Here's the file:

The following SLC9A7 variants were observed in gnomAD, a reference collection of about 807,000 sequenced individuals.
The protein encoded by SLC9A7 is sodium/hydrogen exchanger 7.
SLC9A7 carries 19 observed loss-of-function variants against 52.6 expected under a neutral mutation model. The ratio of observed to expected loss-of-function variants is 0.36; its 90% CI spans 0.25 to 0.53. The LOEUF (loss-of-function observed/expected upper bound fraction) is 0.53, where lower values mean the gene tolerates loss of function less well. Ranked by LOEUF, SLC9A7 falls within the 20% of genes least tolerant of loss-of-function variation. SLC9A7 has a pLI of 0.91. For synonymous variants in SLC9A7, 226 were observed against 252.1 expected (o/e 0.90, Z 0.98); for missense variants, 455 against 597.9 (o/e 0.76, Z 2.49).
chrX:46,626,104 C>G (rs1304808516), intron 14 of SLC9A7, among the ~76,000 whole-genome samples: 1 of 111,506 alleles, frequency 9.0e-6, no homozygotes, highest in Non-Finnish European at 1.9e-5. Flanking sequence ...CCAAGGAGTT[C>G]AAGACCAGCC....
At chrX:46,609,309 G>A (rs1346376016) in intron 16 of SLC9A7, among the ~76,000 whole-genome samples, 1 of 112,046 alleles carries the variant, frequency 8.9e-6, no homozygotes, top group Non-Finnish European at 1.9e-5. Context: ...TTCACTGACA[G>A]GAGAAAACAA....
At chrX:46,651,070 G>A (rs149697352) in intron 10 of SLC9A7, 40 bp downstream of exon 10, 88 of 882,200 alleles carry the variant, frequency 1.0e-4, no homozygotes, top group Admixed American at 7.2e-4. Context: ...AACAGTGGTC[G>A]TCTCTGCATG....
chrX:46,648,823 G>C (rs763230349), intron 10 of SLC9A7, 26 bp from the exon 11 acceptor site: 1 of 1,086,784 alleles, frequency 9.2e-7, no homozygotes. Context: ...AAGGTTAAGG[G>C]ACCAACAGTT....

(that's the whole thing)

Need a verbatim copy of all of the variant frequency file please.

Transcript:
The following SLC9A7 variants were observed in gnomAD, a reference collection of about 807,000 sequenced individuals.
The protein encoded by SLC9A7 is sodium/hydrogen exchanger 7.
SLC9A7 carries 19 observed loss-of-function variants against 52.6 expected under a neutral mutation model. The ratio of observed to expected loss-of-function variants is 0.36; its 90% CI spans 0.25 to 0.53. The LOEUF (loss-of-function observed/expected upper bound fraction) is 0.53, where lower values mean the gene tolerates loss of function less well. Ranked by LOEUF, SLC9A7 falls within the 20% of genes least tolerant of loss-of-function variation. SLC9A7 has a pLI of 0.91. For synonymous variants in SLC9A7, 226 were observed against 252.1 expected (o/e 0.90, Z 0.98); for missense variants, 455 against 597.9 (o/e 0.76, Z 2.49).
chrX:46,626,104 C>G (rs1304808516), intron 14 of SLC9A7, among the ~76,000 whole-genome samples: 1 of 111,506 alleles, frequency 9.0e-6, no homozygotes, highest in Non-Finnish European at 1.9e-5. Flanking sequence ...CCAAGGAGTT[C>G]AAGACCAGCC....
At chrX:46,609,309 G>A (rs1346376016) in intron 16 of SLC9A7, among the ~76,000 whole-genome samples, 1 of 112,046 alleles carries the variant, frequency 8.9e-6, no homozygotes, top group Non-Finnish European at 1.9e-5. Context: ...TTCACTGACA[G>A]GAGAAAACAA....
At chrX:46,651,070 G>A (rs149697352) in intron 10 of SLC9A7, 40 bp downstream of exon 10, 88 of 882,200 alleles carry the variant, frequency 1.0e-4, no homozygotes, top group Admixed American at 7.2e-4. Context: ...AACAGTGGTC[G>A]TCTCTGCATG....
chrX:46,648,823 G>C (rs763230349), intron 10 of SLC9A7, 26 bp from the exon 11 acceptor site: 1 of 1,086,784 alleles, frequency 9.2e-7, no homozygotes. Context: ...AAGGTTAAGG[G>C]ACCAACAGTT....